The first title in a new imprint that pairs expert political analysis with rich historical news coverage, The New York Times on the Presidency is a fascinating new reference book that uses nearly 150 years of New York Times' reporting to explore the dynamic nature of the presidency in the American political system.
"This documentary examination of presidential history stretches more than 29 administrations from Franklin Pierce to George W. Bush. This 156 year period has witnessed an extraordinary growth of the Executive Branch and the power of the presidency. Presidential scholar Meena Bose selects nearly 500 documents to illustrate these changes from the expansion of the military during the Civil War to the extension of executive privileges in the wake of 9/11. The articles are arranged chronologically by presidential administration. Each chapter provides quick facts on the life of the president, a summary of the major issues of his campaigns and highlights of his tenure in office. Critical commentary on each document explains its historical context. The selection includes speeches, news reports, editorials and letters to the editor. From Lincoln?s Emancipation Proclamation and reactions to Woodrow Wilson?s 'revolutionary' appearance before Congress to frets about 1929 stock market crash and anguish over Kennedy?s assassination, the entries illuminate critical points in the development of the presidency and its relationship with Congress, the courts and the public. The result is a powerful tool for understanding American political history. A detailed index linking issues and a selective bibliography of additional readings on each administration fill out this useful resource for students. This volume is recommended for high school, public and academic libraries."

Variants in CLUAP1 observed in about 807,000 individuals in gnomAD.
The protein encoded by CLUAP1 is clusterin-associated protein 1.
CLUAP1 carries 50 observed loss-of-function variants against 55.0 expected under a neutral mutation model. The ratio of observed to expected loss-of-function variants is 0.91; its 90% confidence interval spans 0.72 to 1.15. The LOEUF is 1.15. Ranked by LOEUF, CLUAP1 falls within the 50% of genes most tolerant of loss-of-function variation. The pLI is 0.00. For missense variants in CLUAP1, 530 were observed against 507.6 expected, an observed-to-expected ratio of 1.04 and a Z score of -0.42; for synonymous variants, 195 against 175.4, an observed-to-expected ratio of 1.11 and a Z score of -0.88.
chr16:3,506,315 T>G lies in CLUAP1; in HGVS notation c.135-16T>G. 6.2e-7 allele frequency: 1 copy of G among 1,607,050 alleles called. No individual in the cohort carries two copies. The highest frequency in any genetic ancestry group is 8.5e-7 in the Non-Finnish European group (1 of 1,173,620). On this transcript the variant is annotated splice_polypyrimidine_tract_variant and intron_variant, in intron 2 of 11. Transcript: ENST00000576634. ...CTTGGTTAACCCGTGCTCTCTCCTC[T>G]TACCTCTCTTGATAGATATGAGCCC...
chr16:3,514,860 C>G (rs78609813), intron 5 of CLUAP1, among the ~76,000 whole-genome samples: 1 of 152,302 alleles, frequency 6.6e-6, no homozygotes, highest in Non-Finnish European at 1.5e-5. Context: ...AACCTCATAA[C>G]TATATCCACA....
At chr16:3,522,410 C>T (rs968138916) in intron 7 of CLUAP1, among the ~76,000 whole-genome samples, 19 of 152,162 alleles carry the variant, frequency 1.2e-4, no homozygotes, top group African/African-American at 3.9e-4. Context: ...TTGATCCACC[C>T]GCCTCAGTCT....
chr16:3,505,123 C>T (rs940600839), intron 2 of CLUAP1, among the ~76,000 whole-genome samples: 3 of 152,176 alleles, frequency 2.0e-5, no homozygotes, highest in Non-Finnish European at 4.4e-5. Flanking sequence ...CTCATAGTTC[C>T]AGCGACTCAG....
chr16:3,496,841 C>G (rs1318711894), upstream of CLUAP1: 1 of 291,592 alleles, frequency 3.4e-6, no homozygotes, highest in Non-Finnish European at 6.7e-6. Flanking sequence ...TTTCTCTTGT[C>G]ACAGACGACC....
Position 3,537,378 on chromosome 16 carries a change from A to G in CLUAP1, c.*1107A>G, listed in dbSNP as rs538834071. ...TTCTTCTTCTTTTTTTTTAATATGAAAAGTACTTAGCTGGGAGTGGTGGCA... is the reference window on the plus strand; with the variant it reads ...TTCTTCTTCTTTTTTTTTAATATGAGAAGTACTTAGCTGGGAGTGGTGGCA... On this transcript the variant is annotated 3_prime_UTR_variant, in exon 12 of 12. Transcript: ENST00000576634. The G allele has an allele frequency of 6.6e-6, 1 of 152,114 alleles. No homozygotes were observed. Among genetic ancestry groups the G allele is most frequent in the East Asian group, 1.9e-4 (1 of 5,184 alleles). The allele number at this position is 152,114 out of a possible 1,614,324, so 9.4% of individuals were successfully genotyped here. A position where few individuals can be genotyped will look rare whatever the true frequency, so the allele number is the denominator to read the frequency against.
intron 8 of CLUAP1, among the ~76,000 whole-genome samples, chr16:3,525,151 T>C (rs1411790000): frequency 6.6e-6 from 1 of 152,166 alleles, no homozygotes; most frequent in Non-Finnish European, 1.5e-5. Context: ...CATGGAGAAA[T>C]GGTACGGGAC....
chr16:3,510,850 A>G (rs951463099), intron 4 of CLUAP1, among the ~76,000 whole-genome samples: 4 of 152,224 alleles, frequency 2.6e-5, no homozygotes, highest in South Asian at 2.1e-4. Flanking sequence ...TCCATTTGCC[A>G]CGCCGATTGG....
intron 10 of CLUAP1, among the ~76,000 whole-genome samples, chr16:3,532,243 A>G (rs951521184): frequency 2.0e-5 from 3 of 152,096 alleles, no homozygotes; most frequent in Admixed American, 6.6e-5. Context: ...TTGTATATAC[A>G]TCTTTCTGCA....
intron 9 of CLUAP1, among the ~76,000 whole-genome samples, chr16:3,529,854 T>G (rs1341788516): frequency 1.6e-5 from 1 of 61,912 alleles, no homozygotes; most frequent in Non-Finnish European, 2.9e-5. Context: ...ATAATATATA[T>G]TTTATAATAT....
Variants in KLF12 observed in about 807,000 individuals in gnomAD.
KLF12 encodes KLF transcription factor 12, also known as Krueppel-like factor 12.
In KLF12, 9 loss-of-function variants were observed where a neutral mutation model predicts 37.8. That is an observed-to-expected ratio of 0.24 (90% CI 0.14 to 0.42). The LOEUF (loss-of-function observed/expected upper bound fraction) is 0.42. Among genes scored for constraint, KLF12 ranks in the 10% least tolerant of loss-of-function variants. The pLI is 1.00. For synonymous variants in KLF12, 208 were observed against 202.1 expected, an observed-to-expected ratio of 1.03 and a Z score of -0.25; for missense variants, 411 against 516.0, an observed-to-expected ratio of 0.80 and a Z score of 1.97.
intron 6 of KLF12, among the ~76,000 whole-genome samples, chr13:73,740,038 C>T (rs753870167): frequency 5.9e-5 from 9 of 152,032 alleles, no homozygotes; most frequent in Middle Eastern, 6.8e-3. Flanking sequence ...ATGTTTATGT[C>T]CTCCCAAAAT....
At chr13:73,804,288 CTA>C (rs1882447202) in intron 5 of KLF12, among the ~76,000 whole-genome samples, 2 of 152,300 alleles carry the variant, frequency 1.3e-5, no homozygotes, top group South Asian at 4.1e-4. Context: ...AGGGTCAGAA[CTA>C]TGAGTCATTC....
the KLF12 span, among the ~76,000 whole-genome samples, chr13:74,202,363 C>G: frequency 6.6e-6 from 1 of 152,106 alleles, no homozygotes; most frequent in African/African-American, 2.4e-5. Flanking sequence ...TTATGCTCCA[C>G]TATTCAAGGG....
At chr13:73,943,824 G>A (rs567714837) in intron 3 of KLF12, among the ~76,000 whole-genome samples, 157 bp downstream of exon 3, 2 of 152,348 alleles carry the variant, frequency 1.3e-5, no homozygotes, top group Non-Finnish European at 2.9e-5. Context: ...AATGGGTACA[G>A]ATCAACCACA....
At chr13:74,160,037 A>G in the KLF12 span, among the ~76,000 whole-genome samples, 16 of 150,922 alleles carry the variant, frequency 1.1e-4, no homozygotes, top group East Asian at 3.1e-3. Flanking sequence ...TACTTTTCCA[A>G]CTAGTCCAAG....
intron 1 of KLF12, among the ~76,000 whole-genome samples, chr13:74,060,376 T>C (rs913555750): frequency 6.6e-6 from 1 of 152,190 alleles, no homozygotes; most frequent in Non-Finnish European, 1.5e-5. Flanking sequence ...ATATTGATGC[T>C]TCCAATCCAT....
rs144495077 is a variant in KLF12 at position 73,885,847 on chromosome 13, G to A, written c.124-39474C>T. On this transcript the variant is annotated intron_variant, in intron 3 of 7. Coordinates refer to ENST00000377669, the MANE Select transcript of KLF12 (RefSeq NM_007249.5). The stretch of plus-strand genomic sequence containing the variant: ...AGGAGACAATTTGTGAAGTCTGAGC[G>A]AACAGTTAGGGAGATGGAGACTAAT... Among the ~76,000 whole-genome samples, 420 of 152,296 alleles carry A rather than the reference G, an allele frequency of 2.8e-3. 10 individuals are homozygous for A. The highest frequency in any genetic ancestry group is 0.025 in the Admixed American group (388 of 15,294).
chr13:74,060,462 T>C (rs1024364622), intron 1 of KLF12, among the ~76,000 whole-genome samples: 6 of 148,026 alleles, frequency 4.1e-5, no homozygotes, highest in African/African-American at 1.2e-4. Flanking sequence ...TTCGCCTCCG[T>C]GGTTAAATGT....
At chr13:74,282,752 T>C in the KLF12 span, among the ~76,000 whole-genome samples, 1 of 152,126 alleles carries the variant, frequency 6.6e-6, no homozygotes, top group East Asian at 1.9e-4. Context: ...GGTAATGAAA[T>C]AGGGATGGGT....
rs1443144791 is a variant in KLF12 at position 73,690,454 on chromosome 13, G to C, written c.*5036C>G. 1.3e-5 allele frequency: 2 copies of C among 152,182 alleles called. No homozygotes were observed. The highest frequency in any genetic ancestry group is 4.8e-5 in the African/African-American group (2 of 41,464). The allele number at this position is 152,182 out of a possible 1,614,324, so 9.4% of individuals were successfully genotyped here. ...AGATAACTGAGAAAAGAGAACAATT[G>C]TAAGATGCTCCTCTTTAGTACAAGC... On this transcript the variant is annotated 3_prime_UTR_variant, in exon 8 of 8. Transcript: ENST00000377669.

--Lawrence Looks at Books, May 2009
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